New study shows compulsory addiction treatment is less effective than voluntary treatments for long-term treatment of drug dependence

Research from leading international scientific body finds that compulsory treatment for addiction does not lead to better outcomes than non-mandatory methods

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Toronto, CanadaNew research by the International Centre for Science in Drug Policy (ICSDP) finds little evidence that compulsory addiction treatment effectively reduces post-treatment drug use, and arrests or incarceration. Published in the scientific peer-reviewed International Journal of Drug Policy (IJDP), this study is consistent with growing calls from experts to replace the use of compulsory treatment with voluntary, evidence-based, and human rights compliant health and social services to address drug dependence. 

“The new research raises serious questions about the increasing reliance on compulsory approaches to drug dependence, particularly in Southeast Asia, Latin America, and Australia ,” said the study's lead author and Director of the ICSDP, Dr. Dan Werb. “The evidence clearly indicates that forcibly enrolling individuals does not result in sustained, positive outcomes.”

To complete the study, scientists undertook a comprehensive review of existing scientific research to assess the effectiveness of compulsory addiction treatment in the peer-reviewed scientific literature. The study found that:

  • Compulsory addiction treatment is less effective than non-compulsory methods at promoting long-term abstention from drug use or reducing criminal recidivism.
  • In some cases, compulsory addiction treatment has negative impacts on post-treatment drug use, as well as on arrests or incarcerations, compared to non-compulsory methods.

In light of the lack of evidence suggesting that compulsory addiction treatment is effective, researchers are recommending that policymakers replace compulsory treatment centres with evidence-based approaches to treating drug dependence. For example, a wide variety of evidence-based treatment methods, including opioid substitution therapy and heroin-assisted treatment, have been found effective in reducing post-treatment drug use and criminal recidivism, and should therefore be adopted and brought to scale by national governments in order to reduce the harms of drug use.

Researchers are also pointing to the potential for human rights abuses within these settings as a further rationale to end the use of compulsory treatment immediately. This is in alignment with growing calls from human rights experts, including numerous United Nations agencies, to close compulsory treatment centres.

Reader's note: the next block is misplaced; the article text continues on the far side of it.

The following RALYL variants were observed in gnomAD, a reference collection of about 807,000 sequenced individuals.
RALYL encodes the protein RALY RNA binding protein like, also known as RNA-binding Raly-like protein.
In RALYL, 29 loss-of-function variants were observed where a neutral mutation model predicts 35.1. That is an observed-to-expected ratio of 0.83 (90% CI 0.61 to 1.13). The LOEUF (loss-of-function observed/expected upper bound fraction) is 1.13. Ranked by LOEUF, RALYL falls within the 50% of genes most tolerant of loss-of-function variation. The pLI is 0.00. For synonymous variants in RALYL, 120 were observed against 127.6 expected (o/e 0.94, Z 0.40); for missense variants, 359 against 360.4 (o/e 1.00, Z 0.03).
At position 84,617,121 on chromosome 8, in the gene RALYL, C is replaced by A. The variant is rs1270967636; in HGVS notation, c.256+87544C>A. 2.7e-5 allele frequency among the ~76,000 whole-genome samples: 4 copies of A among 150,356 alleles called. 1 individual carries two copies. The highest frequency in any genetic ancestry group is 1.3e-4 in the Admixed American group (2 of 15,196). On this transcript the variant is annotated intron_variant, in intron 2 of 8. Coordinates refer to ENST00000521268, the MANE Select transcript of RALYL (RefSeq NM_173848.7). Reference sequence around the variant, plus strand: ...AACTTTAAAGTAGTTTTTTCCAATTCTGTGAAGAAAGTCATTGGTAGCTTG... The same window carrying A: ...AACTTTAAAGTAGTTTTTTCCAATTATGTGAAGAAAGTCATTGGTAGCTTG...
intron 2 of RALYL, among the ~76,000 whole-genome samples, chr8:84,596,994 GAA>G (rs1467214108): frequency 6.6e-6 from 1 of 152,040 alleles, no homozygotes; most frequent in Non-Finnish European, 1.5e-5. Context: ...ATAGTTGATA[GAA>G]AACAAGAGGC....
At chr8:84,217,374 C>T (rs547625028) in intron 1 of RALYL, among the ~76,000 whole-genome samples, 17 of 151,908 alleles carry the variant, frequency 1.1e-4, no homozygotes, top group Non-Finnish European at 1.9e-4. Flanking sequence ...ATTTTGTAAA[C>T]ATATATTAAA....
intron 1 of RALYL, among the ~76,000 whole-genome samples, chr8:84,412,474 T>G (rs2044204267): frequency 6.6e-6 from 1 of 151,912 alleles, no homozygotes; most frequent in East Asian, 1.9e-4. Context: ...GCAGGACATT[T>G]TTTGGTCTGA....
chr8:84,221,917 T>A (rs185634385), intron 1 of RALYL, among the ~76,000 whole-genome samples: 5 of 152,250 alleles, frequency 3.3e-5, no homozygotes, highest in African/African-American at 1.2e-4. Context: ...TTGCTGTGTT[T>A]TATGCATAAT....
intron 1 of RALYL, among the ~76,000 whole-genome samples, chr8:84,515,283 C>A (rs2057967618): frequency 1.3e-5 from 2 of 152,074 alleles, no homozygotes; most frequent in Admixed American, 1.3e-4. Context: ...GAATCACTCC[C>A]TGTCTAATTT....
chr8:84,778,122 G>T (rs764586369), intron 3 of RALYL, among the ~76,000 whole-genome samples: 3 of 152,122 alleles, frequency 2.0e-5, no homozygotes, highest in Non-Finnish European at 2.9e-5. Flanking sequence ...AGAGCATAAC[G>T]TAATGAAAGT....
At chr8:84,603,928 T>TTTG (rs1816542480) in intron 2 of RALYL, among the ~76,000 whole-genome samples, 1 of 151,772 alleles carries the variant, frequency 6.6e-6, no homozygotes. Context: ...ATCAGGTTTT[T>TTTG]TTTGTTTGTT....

“The routine use of physical violence, sexual abuse, and forced labour in compulsory treatment centres seriously undermines the human rights of detainees,” explained Mr. Rick Lines, Executive Director of Harm Reduction International. “Until now, some states have maintained that these centres are necessary to address drug dependence. The ICSDP’s new study demonstrates that this claim is unsupported by the scientific evidence, and can no longer be used as a defence for the use of compulsory treatment.”

With the impending United Nations General Assembly Special Session on the World Drug Problem (UNGASS) in April 2016 – the largest international meeting on drug policy since 1998 – an increasing number of governments and international organizations are calling for the adoption of a public health and human rights based approach to illegal drug policy. The study published today suggests that such an approach should prioritize the treatment of drug dependence through voluntary, evidence-based means. Further, the availability of evidence-based treatment should be a key indicator of success when evaluating the effectiveness of drug control policies.

About the International Centre for Science in Drug Policy
The International Centre for Science in Drug Policy (ICSDP) is a network of scientists and academics from all global hemispheres committed to improving the health and safety of communities and individuals affected by illicit drugs by working to inform illicit drug policies with the best available scientific evidence. With the oversight of a Scientific Board made up of leading experts on addictions, HIV, and drug policy, the ICSDP conducts research and public education on best practices in drug policy. This work is undertaken in collaboration with communities, policymakers, law enforcement and other stakeholders to help guide effective and evidence-based policy responses to the many problems posed by illicit drugs.

For more information or to arrange a media interview, please contact:
Nazlee Maghsoudi
Knowledge Translation Manager, ICSDP
+1 (647) 694-9199
nmaghsoudi [at] icsdp.org 

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Photo on home page by Tiago Pinheiro.

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